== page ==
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In recent decades, income inequality has increased, both in Minnesota and nationally. New information from the American Community Survey (ACS) shows that U.S. and Minnesota counties with the highest degree of income inequality also have the highest poverty rates and the lowest median incomes, thereby underscoring the devastating impact of income inequality on low- and middle-income families.

The ACS compiles income data and computes Gini coefficients for states and counties. The Gini coefficient is used to measure income inequality; while in theory the value of a Gini coefficient can range from zero (denoting perfect equality, where all incomes are the same) to 1.0 (denoting maximal inequality, where one household has all income and all others have no income), in practice, Gini coefficient values fall within a much smaller range. For large populations—an entire state or county—Gini coefficient values generally fall within a range from about 0.35 to 0.55. This fact, however, does not indicate that income inequality is minimal; a rather small difference in Gini coefficient value can indicate a significant difference in income inequality. By the same token, a small change in the Gini coefficient value over time can denote a significant change in inequality.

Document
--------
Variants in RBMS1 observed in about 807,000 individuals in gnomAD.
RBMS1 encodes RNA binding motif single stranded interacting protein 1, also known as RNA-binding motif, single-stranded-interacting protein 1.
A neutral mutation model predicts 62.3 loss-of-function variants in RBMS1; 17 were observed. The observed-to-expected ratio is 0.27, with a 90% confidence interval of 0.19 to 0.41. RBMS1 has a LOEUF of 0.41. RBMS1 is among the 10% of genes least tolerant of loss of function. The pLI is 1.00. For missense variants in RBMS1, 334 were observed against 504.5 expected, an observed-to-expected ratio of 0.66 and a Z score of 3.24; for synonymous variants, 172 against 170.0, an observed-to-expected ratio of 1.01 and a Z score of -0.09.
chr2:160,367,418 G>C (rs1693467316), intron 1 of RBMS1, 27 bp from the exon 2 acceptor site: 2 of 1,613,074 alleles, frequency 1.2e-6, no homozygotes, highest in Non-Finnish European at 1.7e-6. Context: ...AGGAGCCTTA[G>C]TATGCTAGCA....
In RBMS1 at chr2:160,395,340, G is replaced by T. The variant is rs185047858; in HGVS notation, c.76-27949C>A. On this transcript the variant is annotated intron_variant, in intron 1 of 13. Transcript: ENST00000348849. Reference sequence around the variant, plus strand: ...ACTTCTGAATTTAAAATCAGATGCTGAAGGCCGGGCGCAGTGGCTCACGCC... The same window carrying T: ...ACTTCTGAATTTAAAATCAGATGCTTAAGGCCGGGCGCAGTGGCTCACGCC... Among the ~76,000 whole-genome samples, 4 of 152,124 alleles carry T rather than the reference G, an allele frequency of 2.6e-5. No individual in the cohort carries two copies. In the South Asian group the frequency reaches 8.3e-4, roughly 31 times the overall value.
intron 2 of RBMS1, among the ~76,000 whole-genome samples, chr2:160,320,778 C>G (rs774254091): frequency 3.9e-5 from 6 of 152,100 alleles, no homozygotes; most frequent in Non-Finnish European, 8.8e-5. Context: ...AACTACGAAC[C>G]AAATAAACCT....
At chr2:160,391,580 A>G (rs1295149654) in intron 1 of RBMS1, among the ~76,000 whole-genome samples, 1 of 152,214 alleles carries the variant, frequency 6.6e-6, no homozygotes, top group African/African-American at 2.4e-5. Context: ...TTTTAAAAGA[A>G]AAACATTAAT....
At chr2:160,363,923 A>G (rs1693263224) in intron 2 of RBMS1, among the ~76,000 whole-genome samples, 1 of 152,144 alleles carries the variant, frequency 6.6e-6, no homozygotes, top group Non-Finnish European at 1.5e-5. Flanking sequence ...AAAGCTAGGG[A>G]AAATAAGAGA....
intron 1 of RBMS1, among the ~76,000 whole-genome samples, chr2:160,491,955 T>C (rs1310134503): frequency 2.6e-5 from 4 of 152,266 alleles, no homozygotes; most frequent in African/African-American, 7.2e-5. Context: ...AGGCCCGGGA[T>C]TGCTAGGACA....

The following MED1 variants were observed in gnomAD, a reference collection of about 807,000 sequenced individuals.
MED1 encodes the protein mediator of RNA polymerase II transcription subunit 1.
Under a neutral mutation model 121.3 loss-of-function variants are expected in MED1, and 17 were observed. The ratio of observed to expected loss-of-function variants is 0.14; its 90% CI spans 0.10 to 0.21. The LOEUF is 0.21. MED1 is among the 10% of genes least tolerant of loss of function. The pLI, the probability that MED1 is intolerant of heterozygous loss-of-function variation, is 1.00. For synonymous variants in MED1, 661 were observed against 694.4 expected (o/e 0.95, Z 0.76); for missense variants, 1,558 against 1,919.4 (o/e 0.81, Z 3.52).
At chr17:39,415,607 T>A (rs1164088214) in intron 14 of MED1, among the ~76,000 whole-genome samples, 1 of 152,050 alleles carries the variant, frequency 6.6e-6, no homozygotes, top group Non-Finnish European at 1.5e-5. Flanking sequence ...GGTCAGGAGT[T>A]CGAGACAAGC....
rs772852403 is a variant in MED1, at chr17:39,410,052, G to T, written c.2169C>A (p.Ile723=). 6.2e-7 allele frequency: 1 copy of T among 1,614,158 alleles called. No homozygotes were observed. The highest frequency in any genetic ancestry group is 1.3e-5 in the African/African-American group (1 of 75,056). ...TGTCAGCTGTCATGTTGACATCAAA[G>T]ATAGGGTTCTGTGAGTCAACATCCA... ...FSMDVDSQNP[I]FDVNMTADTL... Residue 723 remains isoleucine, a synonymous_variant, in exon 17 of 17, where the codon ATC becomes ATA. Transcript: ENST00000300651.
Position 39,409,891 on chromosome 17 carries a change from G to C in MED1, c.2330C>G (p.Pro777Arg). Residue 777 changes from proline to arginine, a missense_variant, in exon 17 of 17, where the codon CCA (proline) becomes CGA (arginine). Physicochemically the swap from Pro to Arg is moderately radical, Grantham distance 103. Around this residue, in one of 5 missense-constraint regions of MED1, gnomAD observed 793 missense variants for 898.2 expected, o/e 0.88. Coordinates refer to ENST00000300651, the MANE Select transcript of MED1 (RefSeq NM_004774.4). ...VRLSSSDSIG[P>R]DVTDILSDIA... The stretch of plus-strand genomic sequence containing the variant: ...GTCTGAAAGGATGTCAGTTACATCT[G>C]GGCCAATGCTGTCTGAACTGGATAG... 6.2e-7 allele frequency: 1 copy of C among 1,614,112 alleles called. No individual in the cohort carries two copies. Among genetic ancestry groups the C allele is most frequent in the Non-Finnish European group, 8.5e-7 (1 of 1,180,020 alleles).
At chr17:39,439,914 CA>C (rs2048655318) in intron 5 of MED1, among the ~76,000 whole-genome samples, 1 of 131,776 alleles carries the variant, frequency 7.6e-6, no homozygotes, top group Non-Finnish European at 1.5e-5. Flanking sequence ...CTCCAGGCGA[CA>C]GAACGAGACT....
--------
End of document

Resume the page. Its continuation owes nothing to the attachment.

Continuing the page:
Minnesota has less income inequality than most other states, based on 2016 ACS Gini coefficients. Only eight states have lower Gini coefficients than Minnesota, meaning that Minnesota is the ninth least “unequal” state in the nation.* The map below shows the degree of income inequality by state, with the least unequal state shaded light blue and the most unequal shaded dark blue. (Alaska and Hawaii do not appear on this may. For Alaska, the 2016 estimated Gini coefficient is 0.4081, estimated 2016 median income is $76,440, and estimated 2016 poverty rate is 9.9 percent; for Hawaii, the estimated 2016 Gini coefficient is 0.4420, the 2016 estimated median income is $74,511, and the estimated 2016 poverty rate is 9.3 percent.)